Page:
Jung's Explosive Visit to Freud
Did Jung cause Freud's bookcase to explode by mental force?
Posted Sep 20, 2011
The incident happened in April 1909, when Jung was 33 and Freud was 52 years old. Here is Jung's own account, given to interviewer Aniela Jaffé fifty years later:
"It interested me to hear Freud's views on precognition and parapsychology in general. When I visited him in Vienna in 1909 I asked him what he thought of these matters. Because of his materialistic prejudice, he rejected this entire complex of questions as nonsensical ... ...
While Freud was going on in this way, I had a curious sensation. It was as if my diaphragm were made of iron and was becoming red-hot - a glowing vault. And at that moment there was such a loud report in the bookcase, which stood right next to us, that we both started up in alarm, fearing the thing was going to topple over on us. I said to Freud: "There is an example of a so-called catalytic exteriorisation phenomenon."
"Oh come," he exclaimed. "That is sheer bosh."
"It is not," I replied. "You are mistaken, Herr Professor. And to prove my point I now predict that there will be another loud report!" Sure enough, no sooner had I said the words than the same detonation went off in the bookcase.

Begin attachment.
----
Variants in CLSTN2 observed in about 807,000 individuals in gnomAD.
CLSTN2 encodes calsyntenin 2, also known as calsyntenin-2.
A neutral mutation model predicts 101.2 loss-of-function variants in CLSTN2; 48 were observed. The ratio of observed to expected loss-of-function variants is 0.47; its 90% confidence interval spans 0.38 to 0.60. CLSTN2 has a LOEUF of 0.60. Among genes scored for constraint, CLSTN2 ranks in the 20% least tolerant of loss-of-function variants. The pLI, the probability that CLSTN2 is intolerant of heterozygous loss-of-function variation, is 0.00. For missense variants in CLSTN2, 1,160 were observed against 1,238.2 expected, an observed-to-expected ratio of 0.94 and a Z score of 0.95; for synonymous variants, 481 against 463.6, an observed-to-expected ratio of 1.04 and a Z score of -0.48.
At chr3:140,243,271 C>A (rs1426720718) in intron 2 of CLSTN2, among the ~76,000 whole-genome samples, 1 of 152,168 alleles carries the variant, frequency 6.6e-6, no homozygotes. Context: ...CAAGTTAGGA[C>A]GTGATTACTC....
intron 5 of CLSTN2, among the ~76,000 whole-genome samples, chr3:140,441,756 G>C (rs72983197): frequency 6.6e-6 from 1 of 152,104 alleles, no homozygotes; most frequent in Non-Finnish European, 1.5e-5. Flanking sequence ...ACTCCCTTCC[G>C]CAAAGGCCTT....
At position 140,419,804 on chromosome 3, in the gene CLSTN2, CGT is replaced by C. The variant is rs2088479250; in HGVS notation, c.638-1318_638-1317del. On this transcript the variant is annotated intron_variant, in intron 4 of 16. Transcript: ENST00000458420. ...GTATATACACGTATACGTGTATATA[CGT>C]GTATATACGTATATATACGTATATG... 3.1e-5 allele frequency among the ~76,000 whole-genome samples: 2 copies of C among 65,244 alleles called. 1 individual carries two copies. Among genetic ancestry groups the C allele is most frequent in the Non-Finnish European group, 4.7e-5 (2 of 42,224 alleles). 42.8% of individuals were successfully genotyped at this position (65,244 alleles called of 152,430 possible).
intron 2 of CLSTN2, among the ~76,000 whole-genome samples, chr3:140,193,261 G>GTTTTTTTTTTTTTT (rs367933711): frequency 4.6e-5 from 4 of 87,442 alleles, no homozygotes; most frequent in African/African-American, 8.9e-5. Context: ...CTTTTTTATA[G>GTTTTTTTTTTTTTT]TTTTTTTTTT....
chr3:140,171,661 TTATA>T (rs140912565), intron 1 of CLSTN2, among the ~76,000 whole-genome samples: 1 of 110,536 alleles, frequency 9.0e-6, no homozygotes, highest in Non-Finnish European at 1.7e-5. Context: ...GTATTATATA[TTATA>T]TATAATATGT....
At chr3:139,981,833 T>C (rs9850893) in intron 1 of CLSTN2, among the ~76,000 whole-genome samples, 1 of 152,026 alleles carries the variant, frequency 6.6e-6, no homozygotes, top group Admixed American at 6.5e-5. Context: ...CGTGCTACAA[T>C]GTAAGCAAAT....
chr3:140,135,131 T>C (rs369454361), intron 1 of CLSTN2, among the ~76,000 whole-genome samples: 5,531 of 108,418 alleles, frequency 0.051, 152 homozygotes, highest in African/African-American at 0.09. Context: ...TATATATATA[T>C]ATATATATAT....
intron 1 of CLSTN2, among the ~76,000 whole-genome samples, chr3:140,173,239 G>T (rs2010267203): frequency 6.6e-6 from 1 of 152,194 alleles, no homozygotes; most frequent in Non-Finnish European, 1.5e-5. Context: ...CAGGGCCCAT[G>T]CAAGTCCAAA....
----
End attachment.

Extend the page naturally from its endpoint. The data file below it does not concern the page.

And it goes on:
To this day I do not know what gave me this certainty."
Freud was certainly impressed with the effect, although did not share Jung's certainty about the explanation. In a letter to Jung dated April 16th, 1909, he wrote:
"I do not deny that your comments and your experiment made a powerful impression upon me. After your departure I determined to make some observations, and here are the results. In my front room there are continual creaking noises, from where the two heavy Egyptian steles rest on the oak boards of the bookcase, so that's obvious. In the second room, where we heard the crash, such noises are very rare. At first I was inclined to ascribe some meaning to it if the noise we heard so frequently when you were here were never again heard after your departure. But since then it has happened over and over again, yet never in connection with my thoughts and never when I was considering you or your special problem. (Not now, either, I add by way of challenge). The phenomenon was soon deprived of all significance for me by something else. My credulity, or at least my readiness to believe, vanished along with the spell of your personal presence ... ... The furniture stands before me spiritless and dead, like nature silent and godless before the poet after the passing of the gods of Greece."